DPD drivers not workers or employees
In what will be (to some) a surprising ruling, DPD drivers were judged not to be workers. Shortly before the Christmas break the Employment Appeal Tribunal ruled, in Stojsavljevic and another v DPD Group UK Ltd (EA-2019-000259), that DPD owner driver franchisees (ODFs) were not workers or employees, and therefore not entitled to the rights bestowed upon either category.
At first glance and in the context of previous decisions on Uber, Pimlico Plumbers etc. this looks like an odd decision. The reason why the EAT ruled this way serves as a useful reminder to those wishing to employ contractors without triggering employment or worker rights.
The DPD case highlights the importance of substitution, and this was the central deciding factor in this case. The DPD ODF’s contracts clearly stated that the ODF needed to supply a driver, who need not be the franchisee themselves.
Unfettered right of substitution proves instrumental to decision that DPD drivers are not workers
An argument that DPD had some control over who the substitute could be failed – all DPD needed to know was that the driver was qualified, i.e. proof that they were 21 or over, had a license to drive and had undergone relevant training. Beyond this DPD had no contractual right to object to any particular individual, and so the DPD ODF effectively had an unfettered right to supply whomsoever they chose to drive their van as a substitute for themselves.
Lack of evidence of actual substitution not significant
In practice the DPD OFD drivers only ever covered for each other, and a non DPD ODF had not historically been substituted in. Could this matter of fact have changed the tribunal’s view, and suggested that in practice there was no real unfettered right to provide a substitute? No, said the EAT – the fact that a fully external substitute hadn’t been drafted in so far didn’t mean that a non DPD ODF couldn’t be used as a substitute in the future, and the DPD OFDs had a clear contractual right to do so.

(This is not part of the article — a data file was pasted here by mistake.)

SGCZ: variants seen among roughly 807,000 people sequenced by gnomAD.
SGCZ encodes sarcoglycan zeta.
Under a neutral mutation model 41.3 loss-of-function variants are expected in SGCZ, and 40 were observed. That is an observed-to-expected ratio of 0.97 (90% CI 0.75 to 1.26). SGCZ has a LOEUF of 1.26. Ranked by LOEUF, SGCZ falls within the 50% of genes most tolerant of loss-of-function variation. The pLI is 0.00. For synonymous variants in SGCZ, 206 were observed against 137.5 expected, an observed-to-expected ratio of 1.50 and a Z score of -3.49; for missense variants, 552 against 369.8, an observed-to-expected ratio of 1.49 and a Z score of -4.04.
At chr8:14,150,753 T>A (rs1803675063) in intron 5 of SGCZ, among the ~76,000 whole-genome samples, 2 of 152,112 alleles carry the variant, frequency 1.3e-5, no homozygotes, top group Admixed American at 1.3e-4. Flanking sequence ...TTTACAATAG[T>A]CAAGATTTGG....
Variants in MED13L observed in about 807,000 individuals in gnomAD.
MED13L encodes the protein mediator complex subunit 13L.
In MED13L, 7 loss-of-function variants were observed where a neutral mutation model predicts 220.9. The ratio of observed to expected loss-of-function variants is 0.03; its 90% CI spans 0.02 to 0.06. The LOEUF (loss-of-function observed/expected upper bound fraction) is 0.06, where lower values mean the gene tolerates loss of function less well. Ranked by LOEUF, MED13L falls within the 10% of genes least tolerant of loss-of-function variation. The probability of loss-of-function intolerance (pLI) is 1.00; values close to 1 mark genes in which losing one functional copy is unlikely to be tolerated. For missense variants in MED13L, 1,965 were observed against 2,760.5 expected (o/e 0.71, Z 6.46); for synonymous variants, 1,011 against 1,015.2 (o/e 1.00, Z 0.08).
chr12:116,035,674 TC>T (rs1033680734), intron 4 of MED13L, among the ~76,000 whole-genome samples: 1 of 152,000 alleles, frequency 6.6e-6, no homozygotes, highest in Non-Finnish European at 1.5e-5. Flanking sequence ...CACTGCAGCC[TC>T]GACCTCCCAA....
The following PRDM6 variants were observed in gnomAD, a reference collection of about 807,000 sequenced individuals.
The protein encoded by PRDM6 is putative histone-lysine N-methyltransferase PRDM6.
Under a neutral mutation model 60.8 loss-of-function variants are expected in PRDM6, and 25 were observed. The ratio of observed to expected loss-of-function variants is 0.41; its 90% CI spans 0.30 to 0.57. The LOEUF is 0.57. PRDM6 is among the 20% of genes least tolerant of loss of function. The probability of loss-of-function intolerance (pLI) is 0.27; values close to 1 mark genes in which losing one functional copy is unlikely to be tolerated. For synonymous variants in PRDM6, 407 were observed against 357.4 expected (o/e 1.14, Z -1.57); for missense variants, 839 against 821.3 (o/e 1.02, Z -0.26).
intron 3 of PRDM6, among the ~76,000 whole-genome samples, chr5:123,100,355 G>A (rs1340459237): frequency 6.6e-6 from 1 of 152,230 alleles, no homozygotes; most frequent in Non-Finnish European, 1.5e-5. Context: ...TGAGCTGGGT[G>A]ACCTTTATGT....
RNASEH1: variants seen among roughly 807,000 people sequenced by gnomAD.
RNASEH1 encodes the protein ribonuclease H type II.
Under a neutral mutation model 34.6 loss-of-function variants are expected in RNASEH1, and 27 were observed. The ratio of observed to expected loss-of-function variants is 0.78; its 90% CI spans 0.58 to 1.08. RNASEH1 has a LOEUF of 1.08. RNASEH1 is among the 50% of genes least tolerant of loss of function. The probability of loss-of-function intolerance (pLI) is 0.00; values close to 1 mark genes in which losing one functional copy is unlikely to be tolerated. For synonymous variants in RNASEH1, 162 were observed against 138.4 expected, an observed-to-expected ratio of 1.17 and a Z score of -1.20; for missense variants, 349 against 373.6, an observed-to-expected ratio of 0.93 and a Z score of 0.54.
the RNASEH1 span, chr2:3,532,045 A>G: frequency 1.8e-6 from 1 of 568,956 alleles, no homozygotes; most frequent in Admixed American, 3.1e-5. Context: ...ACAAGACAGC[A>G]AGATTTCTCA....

What lessons does the DPD case offer for those employing contractors?
The issue of substitution was critical in deciding that the franchisee DPD drivers were not workers, and is an extremely important topic for those wishing to employ genuinely self-employed contractors. If there is any suggestion, either in the wording of the contract, or in the practices employed, that a contractor cannot send a substitute for themselves, it is likely they would be deemed a worker, an off-payroll worker, or an employee, entitled to all of the rights these categories carry for holiday pay, minimum wage etc. and protection from unfair dismissal in the case of employees.
It’s also clear though (and this was originally an output from the Pimlico case) that employers are perfectly entitled to check that the substitute person’s qualifications are in order. In this case DPD also required evidence of a minimum level of training, and none of these requirements amounted to a fettering of the right of substitution that might have produced a different outcome.
Could an employer’s permitted pre-checks extend to an interview of the substitute?
Almost certainly not, the checks in the DPD case were very much a matter of fact with little room for subjectivity. If an employer were to undertake a more traditional selection process in which it may reject an otherwise qualified candidate, this would not amount to an unfettered right to supply a substitute.
As ever, reality is the key
Our advice to anyone employing contractors is, as ever, to ensure that their contractual status matches reality. Many business owners are prepared to write substitution clauses into their contracts in the hope that this will protect them from employment related claims. If in reality the business is employing someone to personally provide services, and a substitute outside of its control or influence would not be welcomed, or indeed possible, the likelihood is that the contractor will be found to be a worker, irrespective of what the contract says.
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